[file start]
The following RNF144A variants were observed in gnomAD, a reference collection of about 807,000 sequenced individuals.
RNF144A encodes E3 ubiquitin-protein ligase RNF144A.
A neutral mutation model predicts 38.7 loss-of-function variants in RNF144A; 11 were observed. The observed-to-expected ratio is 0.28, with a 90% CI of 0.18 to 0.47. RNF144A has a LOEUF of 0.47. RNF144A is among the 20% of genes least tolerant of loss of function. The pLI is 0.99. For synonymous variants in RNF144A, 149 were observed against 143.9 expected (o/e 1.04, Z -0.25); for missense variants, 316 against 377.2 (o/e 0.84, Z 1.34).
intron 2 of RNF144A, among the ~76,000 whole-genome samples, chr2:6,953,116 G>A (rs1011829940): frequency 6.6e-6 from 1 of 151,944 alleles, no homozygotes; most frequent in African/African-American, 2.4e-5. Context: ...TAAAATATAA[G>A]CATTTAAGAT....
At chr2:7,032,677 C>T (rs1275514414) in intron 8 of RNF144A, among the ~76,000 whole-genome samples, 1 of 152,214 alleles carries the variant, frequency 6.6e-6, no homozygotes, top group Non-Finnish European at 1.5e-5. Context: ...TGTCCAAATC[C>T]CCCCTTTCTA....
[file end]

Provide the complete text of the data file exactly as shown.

The following RNF144A variants were observed in gnomAD, a reference collection of about 807,000 sequenced individuals.
RNF144A encodes E3 ubiquitin-protein ligase RNF144A.
A neutral mutation model predicts 38.7 loss-of-function variants in RNF144A; 11 were observed. The observed-to-expected ratio is 0.28, with a 90% CI of 0.18 to 0.47. RNF144A has a LOEUF of 0.47. RNF144A is among the 20% of genes least tolerant of loss of function. The pLI is 0.99. For synonymous variants in RNF144A, 149 were observed against 143.9 expected (o/e 1.04, Z -0.25); for missense variants, 316 against 377.2 (o/e 0.84, Z 1.34).
intron 2 of RNF144A, among the ~76,000 whole-genome samples, chr2:6,953,116 G>A (rs1011829940): frequency 6.6e-6 from 1 of 151,944 alleles, no homozygotes; most frequent in African/African-American, 2.4e-5. Context: ...TAAAATATAA[G>A]CATTTAAGAT....
At chr2:7,032,677 C>T (rs1275514414) in intron 8 of RNF144A, among the ~76,000 whole-genome samples, 1 of 152,214 alleles carries the variant, frequency 6.6e-6, no homozygotes, top group Non-Finnish European at 1.5e-5. Context: ...TGTCCAAATC[C>T]CCCCTTTCTA....